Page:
For SP consultants who visit multiple facilities a month across the country, there is no question that the kinds of quality headlines we see from hospitals like Goshen are far more common than the public is aware. Simply put, we all know that we are just beginning to scratch the surface of the real depth and breadth of these infection control risks. While the mainstream media reports on the occasional tip of the iceberg that floats on the surface, there is a massive problem lurking just underneath that has the attention of many SP professionals, microbiologists and regulatory agencies.

When specific process breakdowns like this are identified in hospitals, there is an immediate rush to calm public fears, get accurate information out to media agencies, and try to explain how something like this could happen in SP. In fact, the CDC has an entire resource page dedicated to walking facilities through this notification process in a transparent, yet controlled manner.

One of the central phrases from the CDC resources instructs hospitals to tell patients, “We believe the risk to be extremely low.” If you closely review the communications from the hospitals listed at the beginning of this article, and other examples of surgical sterilization problems, you will see this refrain used again and again. While the comparatively low risk of exposure is true enough in a purely statistical sense, when we hear interviews from the patients who receive these notifications there is near unanimous concern, fear, and anger. One patient from the Goshen example said it this way, “I was mad, I was really, really mad because when you tell somebody that they could be at risk for something like that, it not only involves you, it involves your family, your significant other. I mean I have grand kids and kids. I have a life."2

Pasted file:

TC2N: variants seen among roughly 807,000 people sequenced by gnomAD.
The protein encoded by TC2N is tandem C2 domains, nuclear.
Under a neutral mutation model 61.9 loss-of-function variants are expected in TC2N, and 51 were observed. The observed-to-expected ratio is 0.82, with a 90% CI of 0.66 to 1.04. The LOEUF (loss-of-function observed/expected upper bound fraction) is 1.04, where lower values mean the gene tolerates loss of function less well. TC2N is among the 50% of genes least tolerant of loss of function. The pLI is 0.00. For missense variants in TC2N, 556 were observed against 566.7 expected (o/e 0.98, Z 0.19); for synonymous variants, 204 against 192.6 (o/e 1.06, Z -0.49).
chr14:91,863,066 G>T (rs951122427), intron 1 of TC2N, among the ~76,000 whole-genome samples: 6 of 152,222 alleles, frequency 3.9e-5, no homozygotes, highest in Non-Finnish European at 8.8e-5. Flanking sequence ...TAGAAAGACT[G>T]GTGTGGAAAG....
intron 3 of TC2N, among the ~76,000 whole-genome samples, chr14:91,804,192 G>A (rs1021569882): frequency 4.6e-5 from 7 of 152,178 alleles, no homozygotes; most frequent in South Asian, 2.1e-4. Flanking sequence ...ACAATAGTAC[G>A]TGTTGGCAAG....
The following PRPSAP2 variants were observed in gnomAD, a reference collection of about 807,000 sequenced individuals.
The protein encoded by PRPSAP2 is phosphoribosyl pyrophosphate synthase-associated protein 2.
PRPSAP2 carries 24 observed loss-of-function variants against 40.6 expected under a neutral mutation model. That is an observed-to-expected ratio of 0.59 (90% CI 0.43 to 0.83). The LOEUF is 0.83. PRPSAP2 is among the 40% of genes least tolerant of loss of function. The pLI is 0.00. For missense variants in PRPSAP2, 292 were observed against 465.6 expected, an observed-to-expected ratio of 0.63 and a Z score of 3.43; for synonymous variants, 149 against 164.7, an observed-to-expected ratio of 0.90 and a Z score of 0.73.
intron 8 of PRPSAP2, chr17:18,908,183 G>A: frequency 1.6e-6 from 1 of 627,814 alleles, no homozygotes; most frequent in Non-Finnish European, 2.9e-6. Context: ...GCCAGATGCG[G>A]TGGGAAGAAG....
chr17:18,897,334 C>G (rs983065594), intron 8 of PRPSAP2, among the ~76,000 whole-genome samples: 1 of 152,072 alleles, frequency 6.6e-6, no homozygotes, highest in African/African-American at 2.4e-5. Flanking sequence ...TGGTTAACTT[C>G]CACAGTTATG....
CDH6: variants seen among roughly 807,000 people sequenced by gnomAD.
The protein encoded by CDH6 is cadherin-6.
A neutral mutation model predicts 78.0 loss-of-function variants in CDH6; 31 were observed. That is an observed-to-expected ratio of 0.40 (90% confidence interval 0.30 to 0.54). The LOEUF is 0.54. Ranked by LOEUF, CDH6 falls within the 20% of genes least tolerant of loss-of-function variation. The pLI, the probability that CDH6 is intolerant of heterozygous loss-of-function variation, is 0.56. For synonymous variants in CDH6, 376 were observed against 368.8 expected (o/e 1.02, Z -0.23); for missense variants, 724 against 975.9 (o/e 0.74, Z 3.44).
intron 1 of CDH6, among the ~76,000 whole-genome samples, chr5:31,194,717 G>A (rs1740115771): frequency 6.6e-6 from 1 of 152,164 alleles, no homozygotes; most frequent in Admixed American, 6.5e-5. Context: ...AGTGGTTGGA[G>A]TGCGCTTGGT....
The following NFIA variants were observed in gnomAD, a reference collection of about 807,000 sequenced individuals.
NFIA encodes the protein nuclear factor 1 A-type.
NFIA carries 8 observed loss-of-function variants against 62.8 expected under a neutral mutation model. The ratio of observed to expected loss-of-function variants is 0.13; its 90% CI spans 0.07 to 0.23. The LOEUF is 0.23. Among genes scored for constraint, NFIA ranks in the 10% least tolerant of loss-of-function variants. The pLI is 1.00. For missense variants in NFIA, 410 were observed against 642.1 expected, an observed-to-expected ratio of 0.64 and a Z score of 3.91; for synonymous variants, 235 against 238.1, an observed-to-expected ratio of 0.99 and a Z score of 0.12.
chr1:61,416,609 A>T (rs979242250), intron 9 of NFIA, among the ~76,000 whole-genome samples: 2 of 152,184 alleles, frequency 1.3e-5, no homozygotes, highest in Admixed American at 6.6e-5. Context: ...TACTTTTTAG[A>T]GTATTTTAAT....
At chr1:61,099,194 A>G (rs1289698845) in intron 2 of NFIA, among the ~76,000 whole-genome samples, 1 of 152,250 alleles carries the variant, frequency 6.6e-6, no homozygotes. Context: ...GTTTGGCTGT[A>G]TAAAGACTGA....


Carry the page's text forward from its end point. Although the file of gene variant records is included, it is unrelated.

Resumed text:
This patient feedback is a far better indicator for what the public finds value in knowing about how their surgical care is delivered to them. Patients who have been notified of an infection control breach do not care about cold, dry statistics from some government agency. They want to know why this happened in their town, during their surgery, and if the results of their test is going to change the rest of their life.